Each work in this exhibition references our own bodies and minds in individualized ways and asks us to explore what happens next. Where do your senses naturally go? Where do they want to take you? Why are they taking you there? We are grounded by what we know, we are drawn to what we are familiar with, and the artists take these notions as starting points in order to lead us in new directions. The synthesis of disparate realms and media create hyper-individual and layered worlds for us to play in, spaces of unique possibility borne from the tangibility of our unique senses. The illusory nature of momentarily questioning your reality as a construct of various sensations and memories is here positioned as a moment of productivity. What radical possibilities can you imagine when you transcend bodily constraints?
I take a final glance at the orange threads that spawn throughout Purschwitz’s installation. In one corner, seven lines expand from a single point held together by a white tack; in another, 13. Closer inspection reveals that each line is actually a composite of multiple threads held close together. I think of how they intersect with each other throughout the space to create a kind of grid that does not abide by any uniform logic or equation, like a disruption of an Albertian notion of perspective. Lines cross and overlap, and this time, do not lead toward a single point in the distance. Instead, they point in all directions, emerge from multiple sources and their intersections create a space that is fluid and dynamic rather than one-dimensional.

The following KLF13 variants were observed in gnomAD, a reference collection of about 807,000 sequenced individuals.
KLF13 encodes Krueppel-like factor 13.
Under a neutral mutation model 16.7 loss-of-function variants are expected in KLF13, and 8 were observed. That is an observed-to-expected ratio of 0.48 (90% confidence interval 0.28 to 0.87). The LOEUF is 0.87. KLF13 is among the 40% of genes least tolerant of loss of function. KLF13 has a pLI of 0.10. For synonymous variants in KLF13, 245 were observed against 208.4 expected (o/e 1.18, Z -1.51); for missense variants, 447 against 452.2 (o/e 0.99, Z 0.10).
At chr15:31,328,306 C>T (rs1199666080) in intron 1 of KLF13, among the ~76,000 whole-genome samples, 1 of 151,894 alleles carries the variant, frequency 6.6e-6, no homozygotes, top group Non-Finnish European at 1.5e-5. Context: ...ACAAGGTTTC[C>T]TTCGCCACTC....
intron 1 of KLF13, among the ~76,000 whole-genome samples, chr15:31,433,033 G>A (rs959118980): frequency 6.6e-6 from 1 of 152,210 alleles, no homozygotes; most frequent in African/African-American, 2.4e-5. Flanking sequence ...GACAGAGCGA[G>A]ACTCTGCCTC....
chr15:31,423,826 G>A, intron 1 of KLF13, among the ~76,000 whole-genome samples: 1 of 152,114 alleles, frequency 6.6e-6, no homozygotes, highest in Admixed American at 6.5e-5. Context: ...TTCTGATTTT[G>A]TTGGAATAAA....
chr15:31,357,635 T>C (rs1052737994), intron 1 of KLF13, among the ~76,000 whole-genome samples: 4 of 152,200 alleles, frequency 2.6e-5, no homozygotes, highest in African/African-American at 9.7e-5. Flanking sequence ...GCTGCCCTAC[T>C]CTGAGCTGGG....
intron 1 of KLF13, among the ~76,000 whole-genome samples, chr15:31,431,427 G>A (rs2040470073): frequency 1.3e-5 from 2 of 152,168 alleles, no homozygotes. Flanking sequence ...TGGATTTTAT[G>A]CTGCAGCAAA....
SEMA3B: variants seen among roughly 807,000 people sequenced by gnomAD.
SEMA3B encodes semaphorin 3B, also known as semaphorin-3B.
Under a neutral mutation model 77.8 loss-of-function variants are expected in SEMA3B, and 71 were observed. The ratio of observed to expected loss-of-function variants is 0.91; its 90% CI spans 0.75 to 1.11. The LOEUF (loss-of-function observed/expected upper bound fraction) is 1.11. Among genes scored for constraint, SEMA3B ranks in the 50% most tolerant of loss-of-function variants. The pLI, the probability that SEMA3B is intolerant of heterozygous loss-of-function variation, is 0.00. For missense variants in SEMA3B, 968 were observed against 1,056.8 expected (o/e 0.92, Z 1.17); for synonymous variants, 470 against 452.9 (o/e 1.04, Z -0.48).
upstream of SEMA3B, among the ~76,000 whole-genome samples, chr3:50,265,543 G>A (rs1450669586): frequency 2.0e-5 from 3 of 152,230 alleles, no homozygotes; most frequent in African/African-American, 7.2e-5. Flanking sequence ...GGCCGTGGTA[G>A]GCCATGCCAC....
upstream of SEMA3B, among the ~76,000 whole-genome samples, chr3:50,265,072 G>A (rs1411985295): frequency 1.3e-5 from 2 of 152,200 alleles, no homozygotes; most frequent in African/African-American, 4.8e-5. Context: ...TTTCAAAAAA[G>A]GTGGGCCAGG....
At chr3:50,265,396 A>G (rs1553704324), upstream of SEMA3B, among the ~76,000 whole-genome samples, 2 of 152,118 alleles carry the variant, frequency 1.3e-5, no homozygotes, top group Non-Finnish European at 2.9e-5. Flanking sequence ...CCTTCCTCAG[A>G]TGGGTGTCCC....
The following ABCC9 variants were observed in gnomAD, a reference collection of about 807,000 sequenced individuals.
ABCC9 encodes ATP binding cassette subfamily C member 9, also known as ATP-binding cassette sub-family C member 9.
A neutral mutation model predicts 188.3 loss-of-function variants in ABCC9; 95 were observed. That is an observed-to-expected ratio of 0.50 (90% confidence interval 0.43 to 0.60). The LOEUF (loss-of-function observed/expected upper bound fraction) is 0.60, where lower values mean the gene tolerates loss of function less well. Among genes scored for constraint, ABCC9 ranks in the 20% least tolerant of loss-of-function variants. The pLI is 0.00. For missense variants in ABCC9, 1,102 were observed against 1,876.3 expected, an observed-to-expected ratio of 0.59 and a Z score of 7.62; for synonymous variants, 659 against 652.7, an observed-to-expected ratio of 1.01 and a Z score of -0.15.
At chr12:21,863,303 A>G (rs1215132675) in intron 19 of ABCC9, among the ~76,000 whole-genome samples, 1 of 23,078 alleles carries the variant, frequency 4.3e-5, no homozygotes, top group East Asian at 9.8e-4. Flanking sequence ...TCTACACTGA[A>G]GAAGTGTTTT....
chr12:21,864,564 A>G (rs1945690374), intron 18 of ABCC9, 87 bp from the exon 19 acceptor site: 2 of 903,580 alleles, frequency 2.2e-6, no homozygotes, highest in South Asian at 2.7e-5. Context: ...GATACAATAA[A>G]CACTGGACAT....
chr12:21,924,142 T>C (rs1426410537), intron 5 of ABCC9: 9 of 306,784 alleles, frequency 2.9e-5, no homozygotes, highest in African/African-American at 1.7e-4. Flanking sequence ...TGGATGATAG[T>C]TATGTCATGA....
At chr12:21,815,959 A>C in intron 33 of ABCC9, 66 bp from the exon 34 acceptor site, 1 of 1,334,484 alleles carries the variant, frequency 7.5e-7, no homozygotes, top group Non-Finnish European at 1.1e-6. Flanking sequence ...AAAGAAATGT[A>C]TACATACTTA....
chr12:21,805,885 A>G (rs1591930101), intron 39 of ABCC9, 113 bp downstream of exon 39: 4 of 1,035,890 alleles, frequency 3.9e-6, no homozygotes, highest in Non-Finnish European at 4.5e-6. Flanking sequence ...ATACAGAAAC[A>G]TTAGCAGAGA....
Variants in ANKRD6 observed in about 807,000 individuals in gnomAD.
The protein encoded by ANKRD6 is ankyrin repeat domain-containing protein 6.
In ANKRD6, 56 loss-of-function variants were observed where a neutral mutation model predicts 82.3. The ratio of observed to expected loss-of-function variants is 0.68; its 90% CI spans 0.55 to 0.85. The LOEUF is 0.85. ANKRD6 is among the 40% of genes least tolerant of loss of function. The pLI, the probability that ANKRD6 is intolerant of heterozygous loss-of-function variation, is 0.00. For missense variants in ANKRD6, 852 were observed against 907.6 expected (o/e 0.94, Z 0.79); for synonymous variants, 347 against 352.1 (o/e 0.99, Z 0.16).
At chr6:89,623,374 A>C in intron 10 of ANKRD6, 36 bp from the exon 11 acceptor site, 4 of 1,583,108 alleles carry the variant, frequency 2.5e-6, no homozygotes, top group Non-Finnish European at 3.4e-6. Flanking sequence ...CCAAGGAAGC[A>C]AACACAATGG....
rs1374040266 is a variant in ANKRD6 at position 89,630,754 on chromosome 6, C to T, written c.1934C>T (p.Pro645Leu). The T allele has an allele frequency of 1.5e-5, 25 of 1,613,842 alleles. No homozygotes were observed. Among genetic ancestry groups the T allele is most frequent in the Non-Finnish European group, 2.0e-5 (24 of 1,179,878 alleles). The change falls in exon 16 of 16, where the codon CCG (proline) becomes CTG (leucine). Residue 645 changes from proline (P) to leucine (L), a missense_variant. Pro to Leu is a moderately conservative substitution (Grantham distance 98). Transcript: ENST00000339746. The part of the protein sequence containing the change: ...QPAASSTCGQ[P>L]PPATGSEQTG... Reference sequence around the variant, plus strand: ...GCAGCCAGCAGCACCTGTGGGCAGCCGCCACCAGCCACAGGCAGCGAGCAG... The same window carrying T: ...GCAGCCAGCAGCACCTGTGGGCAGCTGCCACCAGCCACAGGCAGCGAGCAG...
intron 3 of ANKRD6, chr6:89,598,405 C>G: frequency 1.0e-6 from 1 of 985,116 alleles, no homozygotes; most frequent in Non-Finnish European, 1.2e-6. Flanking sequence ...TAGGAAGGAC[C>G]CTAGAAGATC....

In her introduction to this exhibition, Marina Roy asks us to think about how each moment in our tumultuous present gestures toward a rather unknowable future, and declares that we are witness to a new generation of artists that are attuned to such an urgency. I take comfort in the myriad directions and possibilities these artists have offered when thinking about the Fata Morgana that is the future, knowing that each one is valuable and important in its own way.
I give thanks to the MFA graduates in this exhibition for their thoughtful provocations into my own understanding of space, art and whatever it is that happens next. I am happy that our lines have crossed here and there throughout my own time at UBC and the Belkin.
The Morris and Helen Belkin Art Gallery is pleased to present an exhibition of work by the 2021 graduates of the University of British Columbia’s two-year Master of Fine Arts program: Sol Hashemi, Martin Katzoff, Natalie Purschwitz, Xan Shian and Dion Smith-Dokkie. This program in the Department of Art History, Visual Art and Theory is limited each year to a small group of four to six artists, who over the two years foster different sensibilities developed within an intimate and discursive working environment.[more]